The folks at Dexter Industries have just wrapped up a week of Lego NXT projects, most of which centered on the use of their NXT WiFi sensor. Developed over the last few months, the group has been hard at work refining their design and getting some of the kinks worked out, so now you too can control your NXT creations sans wires.
The demonstrations have covered various topics throughout the week, starting out with a short tutorial on how to use a computer to communicate with the NXT device using the TCP protocol. After taking a look at WiFi power-saving capabilities, they touched on pinging other networked machines as well as querying DNS records from an NXT device. An NXT-based webserver was the next project on the list, as was remote robot control over the Internet. Finally, they wrapped the week up by configuring their Lego robot to send a tweet.
If getting your NXT creations on the move with full-fledged network access is something that sounds interesting, be sure to check out their site for downloads, a WiFi manual, and more.
This week, we are serving up part five in our series where we are using the Pololu 3pi robot as a fancy development board for the ATmega328p processor. This week we are taking a quick break from working with the perpherals specific to the processor and will show how to work with the 3pi’s line sensors. A quick look at the schematic for the 3pi might lead you to think that you should be reading the line sensors with the A2D peripheral. Even though they are wired to the A2D pins, they need to be read digitally. In the video, [Jack] will show how to read raw values from the sensors and then how to calibrate the results so that you can get a nice clean 8-bit value representing what the sensors are seeing. Of course, that would happen under normal circumstances. Murphy had his way in this video and it turned out that our studio lighting was interfering a bit with the sensor readings when we were shooting so we didn’t get as good of a calibration as we would have liked when we shot.
Video is after the break.
In case you have missed the previous videos here are some links:
Part 1: Setting up the development environment
Part 2: Basic I/O
Part 3: Pulse Width Modulation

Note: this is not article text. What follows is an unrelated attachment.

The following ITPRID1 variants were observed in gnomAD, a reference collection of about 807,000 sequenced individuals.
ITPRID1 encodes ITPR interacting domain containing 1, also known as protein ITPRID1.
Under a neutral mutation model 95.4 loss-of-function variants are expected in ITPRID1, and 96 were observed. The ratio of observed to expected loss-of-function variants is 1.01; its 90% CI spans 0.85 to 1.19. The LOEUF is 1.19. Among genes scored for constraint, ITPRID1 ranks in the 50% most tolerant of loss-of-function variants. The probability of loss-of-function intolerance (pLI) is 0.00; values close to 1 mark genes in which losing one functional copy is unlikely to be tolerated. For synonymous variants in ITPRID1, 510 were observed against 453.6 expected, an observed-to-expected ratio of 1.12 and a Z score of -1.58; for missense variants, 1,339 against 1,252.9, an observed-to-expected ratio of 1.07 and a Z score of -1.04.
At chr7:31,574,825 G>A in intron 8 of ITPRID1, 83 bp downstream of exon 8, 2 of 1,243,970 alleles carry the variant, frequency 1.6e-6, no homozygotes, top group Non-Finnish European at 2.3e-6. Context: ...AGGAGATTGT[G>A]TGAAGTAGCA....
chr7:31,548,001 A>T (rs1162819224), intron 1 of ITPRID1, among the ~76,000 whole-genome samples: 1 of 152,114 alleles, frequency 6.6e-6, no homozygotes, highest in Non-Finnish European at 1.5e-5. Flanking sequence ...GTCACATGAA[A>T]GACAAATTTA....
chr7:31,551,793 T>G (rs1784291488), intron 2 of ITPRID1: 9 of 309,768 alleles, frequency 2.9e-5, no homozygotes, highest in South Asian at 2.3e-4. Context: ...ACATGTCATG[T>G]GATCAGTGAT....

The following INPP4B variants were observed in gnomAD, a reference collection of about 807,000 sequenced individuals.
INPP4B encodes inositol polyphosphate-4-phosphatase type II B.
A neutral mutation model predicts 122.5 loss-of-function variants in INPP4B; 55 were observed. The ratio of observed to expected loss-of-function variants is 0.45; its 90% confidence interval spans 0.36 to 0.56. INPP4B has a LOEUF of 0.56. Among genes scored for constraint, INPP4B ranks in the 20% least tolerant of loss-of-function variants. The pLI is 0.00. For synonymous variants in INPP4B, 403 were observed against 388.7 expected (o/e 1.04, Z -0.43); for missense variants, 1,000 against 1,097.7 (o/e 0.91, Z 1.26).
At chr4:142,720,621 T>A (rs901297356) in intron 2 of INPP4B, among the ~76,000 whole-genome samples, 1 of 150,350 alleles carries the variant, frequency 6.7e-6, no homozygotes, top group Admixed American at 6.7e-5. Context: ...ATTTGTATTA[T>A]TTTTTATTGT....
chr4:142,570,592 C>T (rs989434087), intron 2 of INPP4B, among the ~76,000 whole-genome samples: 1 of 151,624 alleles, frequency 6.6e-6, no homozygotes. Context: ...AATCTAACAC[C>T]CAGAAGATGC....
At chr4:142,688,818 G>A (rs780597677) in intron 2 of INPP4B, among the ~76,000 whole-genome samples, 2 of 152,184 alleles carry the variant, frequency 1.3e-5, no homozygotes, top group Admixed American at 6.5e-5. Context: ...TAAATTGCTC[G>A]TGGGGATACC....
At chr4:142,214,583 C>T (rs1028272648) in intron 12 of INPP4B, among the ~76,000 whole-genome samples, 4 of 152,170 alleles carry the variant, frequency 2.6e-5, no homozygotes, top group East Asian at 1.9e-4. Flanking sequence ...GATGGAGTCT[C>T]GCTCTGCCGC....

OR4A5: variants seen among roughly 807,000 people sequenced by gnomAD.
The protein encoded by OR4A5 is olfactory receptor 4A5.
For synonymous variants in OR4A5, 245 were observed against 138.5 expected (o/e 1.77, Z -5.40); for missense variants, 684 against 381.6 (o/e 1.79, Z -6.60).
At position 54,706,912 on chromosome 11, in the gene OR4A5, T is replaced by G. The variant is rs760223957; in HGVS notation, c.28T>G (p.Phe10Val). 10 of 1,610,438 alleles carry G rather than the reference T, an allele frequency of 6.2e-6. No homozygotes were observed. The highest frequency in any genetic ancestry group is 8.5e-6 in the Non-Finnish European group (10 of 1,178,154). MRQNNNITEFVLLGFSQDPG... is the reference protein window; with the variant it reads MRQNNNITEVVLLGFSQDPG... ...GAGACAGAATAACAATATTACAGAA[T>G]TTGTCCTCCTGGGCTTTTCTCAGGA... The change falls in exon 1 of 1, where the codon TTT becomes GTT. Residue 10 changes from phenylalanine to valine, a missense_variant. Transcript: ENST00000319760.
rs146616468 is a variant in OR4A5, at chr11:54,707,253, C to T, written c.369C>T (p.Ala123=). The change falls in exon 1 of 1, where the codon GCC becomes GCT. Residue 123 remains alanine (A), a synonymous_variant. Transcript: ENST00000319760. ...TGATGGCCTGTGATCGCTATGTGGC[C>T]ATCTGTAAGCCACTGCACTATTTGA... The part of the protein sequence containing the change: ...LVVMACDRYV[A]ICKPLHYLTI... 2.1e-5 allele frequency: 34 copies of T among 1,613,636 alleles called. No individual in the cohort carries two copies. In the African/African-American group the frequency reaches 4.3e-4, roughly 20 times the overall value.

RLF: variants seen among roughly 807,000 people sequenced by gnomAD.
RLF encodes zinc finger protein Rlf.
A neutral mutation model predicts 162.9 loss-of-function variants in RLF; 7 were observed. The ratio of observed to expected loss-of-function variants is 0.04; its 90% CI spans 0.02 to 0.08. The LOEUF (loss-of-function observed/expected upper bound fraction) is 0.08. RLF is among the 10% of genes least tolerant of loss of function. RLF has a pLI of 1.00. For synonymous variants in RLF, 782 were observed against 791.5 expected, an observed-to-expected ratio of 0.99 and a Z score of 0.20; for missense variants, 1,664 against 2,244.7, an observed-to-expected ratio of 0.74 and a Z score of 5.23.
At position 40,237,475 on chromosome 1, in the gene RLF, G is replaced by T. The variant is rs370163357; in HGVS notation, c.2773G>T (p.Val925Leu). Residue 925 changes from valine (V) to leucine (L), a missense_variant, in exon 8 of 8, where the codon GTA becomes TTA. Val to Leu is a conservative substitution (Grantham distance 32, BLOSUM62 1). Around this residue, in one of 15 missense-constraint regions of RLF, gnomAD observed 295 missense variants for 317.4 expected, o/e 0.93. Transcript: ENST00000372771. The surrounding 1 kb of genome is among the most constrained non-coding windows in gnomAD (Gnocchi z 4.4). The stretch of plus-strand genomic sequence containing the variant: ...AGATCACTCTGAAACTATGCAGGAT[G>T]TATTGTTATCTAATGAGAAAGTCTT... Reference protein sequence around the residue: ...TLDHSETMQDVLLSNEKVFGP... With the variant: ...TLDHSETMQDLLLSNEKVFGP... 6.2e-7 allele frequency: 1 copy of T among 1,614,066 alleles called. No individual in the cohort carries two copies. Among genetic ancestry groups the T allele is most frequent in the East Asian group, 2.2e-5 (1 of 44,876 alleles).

Part 4: Analog to Digital conversion
Continue reading “Video: Working with the 3pi robot’s line sensors”
You might want to store information from a multimeter to be graphed over time. This comes with pretty much all of the high-end professional models. But if you buy a super cheap meter you can bet this isn’t an option. [Jazzzzzz] has found a way to pull the data from a $4 meter via RS232. It’s not impossible, but we definitely think he’s doing it the hard way. That’s because he’s not just tapping into a dormant feature. He’s actually adding a microcontroller to sample the data and push it via the RS232 protocol.
On the bright side, this is easier than building a multimeter from scratch. The sampling circuits are still being used, with a PIC 16F688 intercepting the signals as they enter the stock microcontroller. The signal he was after comes into the chip on just one pin, but to get the readings right on the PIC he had to use an OpAmp. That’s only part of the puzzle as he also needed a way to tell what the selector switch was set at. In the end, adding a potentiometer and reading its value let him calculate the position.
This wire-frame cube appears to be floating in mid-air because it actually is. This is a project which [Tom] calls a Laminar Flow Fog Screen. He built a device that puts out a faint amount of fog, which the intense light from a projector is able to illuminate. The real trick here is to get a uniformed fog wall, which is where the laminar part comes in. Laminar Flow is a phenomenon where fluids flow in a perfectly parallel stream, not allowing errant portions to introduce turbulence. This is a favorite trick with water.
[Tom’s] fog screen starts off with a PC fan to move the air. This airflow is smoothed and guided by a combination of a sponge, and multiple drinking straws. This apparatus is responsible for establishing the laminar flow, as the air picks up fog from an ultrasonic fogger along the way.
The only real problem here is that you want the projector shooting off into infinity. Otherwise, the projection goes right through the fog and displays on the wall, ruining the effect. Outdoor applications are great for this, as long as there’s no air movement to mess with your carefully established fog screen.
You can find a short test clip embedded after the break but there are other videos at the link above.
Continue reading “Ghostly images appear thanks to projections on fog”
In case you missed them the first time around, here are our most popular posts from the past week:
In the #1 spot, we had a post about a tri-color laser projector that really is a well-done project. This projector sweeps the lasers around in vector mode using a pair or mirror galvanometers so would be perfect for playing asteroids in vivid full color!
In at #2 is a post about a PVC pipe gun that can shoot AA batteries at 600 batteries per minute!
Next up we have a post about the US military finding that due to Chinese counterfeit electronics, some of its weapon systems are defective. This has become a more serious issue in recent years. It has effected hackers too as shown in this Sparkfun post from last year.
After that, we had a post about a novel and somewhat scary way to post bulletins on a board without using tacks. How do they do that? By carefully using 20,000 Volts! Yikes. We’ll stick to tape next time we run out of tacks thank you very much.
Finally, we have one about a spot welder built out of some super capacitors and carbon rods. This one probably produces equally large sparks where it is welding and at the triggering mechanism!